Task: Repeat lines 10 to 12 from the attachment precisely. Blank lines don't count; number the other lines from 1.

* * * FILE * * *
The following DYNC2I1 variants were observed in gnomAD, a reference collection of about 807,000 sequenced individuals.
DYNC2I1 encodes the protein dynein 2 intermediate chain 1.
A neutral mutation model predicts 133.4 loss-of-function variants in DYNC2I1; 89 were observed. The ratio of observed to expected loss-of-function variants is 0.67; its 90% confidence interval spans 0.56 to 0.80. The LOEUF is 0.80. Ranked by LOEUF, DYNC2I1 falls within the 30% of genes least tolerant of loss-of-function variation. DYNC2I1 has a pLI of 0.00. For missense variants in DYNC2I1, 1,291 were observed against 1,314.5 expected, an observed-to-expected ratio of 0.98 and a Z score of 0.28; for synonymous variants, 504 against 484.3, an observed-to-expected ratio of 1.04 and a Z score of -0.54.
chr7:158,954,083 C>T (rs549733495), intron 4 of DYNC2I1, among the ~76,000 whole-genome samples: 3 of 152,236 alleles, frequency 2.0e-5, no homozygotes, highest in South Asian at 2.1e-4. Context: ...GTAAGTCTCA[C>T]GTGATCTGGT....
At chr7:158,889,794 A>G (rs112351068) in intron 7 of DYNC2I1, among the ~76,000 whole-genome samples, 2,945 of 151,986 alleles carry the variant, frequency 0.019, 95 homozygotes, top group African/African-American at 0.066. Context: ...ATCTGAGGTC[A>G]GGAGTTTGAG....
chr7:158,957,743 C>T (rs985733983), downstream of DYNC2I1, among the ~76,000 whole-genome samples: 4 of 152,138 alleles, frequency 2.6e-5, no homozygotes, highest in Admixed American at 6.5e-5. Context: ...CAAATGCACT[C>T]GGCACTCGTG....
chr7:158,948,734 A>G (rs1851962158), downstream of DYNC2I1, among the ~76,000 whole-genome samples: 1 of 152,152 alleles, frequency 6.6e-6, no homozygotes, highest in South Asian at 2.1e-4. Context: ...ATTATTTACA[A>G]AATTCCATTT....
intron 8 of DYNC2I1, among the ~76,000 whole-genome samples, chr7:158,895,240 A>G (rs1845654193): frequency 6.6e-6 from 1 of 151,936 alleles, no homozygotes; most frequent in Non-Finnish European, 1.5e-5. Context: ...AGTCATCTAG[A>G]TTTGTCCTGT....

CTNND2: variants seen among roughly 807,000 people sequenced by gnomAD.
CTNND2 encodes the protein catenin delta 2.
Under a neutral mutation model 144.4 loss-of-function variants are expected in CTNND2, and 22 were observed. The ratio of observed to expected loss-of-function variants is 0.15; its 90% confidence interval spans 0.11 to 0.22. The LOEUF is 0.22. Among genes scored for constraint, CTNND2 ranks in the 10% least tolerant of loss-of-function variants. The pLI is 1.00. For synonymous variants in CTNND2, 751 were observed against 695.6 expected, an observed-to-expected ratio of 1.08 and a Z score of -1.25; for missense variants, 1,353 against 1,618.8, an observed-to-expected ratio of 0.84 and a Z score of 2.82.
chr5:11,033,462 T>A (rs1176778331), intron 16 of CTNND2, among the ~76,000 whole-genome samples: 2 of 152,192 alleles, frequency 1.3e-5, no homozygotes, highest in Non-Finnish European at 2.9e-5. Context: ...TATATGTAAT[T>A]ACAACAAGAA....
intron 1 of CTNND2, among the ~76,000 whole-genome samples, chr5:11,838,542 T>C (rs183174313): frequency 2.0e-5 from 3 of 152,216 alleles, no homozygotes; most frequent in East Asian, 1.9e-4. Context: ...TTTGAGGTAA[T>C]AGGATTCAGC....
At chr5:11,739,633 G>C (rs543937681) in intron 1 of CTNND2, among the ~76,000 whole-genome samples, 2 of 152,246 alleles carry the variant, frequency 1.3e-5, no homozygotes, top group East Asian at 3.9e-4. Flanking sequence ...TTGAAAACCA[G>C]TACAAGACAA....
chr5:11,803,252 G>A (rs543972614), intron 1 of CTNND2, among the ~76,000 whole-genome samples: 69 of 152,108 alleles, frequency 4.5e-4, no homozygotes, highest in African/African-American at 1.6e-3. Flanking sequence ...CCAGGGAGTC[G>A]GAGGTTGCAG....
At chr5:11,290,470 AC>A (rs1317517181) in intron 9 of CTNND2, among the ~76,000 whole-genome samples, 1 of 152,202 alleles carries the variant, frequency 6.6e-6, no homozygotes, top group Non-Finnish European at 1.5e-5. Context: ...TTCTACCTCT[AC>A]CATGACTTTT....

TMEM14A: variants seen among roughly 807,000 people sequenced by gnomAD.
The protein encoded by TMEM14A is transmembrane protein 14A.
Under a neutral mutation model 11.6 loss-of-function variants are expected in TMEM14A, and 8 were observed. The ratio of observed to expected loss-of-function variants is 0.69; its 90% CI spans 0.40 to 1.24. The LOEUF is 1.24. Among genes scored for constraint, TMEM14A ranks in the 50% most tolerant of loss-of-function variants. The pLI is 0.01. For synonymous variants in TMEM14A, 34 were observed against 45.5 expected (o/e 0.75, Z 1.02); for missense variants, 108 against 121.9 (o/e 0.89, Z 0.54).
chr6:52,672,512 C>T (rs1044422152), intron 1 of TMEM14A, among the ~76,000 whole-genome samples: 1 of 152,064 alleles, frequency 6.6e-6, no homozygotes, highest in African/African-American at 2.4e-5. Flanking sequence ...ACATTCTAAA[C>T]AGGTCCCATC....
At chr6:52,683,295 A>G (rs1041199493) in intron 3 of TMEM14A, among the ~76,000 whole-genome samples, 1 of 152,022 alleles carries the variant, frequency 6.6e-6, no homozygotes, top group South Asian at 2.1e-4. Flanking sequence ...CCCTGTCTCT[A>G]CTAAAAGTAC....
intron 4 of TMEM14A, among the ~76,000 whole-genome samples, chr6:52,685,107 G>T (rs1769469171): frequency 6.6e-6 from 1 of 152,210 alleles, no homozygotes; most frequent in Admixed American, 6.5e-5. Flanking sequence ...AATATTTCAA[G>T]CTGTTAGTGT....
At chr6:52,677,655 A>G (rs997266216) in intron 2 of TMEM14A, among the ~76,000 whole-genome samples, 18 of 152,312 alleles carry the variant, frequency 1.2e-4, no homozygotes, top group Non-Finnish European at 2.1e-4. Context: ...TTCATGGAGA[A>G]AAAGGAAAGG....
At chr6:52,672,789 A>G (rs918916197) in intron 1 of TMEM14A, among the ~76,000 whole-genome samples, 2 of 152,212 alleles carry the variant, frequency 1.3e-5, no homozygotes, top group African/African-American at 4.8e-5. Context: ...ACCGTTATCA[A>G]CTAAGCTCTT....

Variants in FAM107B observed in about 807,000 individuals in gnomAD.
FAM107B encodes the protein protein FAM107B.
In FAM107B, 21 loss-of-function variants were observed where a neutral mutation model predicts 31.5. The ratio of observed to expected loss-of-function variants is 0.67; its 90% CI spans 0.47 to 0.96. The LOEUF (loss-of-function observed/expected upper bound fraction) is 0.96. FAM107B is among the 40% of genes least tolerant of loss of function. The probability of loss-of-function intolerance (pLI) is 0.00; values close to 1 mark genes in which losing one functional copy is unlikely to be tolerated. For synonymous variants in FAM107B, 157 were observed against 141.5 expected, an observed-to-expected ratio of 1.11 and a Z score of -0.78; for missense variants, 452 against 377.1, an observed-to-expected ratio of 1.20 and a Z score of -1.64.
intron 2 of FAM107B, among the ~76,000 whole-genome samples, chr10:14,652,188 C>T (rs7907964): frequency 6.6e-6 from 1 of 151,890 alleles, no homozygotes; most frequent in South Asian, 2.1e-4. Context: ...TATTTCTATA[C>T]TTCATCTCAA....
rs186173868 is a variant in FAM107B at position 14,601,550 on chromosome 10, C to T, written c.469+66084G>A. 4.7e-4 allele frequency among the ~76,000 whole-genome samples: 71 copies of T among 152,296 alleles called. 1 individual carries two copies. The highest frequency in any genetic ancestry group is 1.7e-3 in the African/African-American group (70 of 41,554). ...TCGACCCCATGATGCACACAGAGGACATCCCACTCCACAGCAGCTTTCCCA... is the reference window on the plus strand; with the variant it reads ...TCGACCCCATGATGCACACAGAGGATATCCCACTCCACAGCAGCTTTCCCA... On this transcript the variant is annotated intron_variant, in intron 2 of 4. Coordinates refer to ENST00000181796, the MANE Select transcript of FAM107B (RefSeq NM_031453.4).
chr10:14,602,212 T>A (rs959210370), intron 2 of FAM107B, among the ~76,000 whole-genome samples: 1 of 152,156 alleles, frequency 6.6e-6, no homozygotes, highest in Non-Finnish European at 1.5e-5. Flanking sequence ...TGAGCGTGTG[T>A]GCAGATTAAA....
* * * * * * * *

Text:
CTNND2 encodes the protein catenin delta 2.
Under a neutral mutation model 144.4 loss-of-function variants are expected in CTNND2, and 22 were observed. The ratio of observed to expected loss-of-function variants is 0.15; its 90% confidence interval spans 0.11 to 0.22. The LOEUF is 0.22. Among genes scored for constraint, CTNND2 ranks in the 10% least tolerant of loss-of-function variants. The pLI is 1.00. For synonymous variants in CTNND2, 751 were observed against 695.6 expected, an observed-to-expected ratio of 1.08 and a Z score of -1.25; for missense variants, 1,353 against 1,618.8, an observed-to-expected ratio of 0.84 and a Z score of 2.82.
chr5:11,033,462 T>A (rs1176778331), intron 16 of CTNND2, among the ~76,000 whole-genome samples: 2 of 152,192 alleles, frequency 1.3e-5, no homozygotes, highest in Non-Finnish European at 2.9e-5. Context: ...TATATGTAAT[T>A]ACAACAAGAA....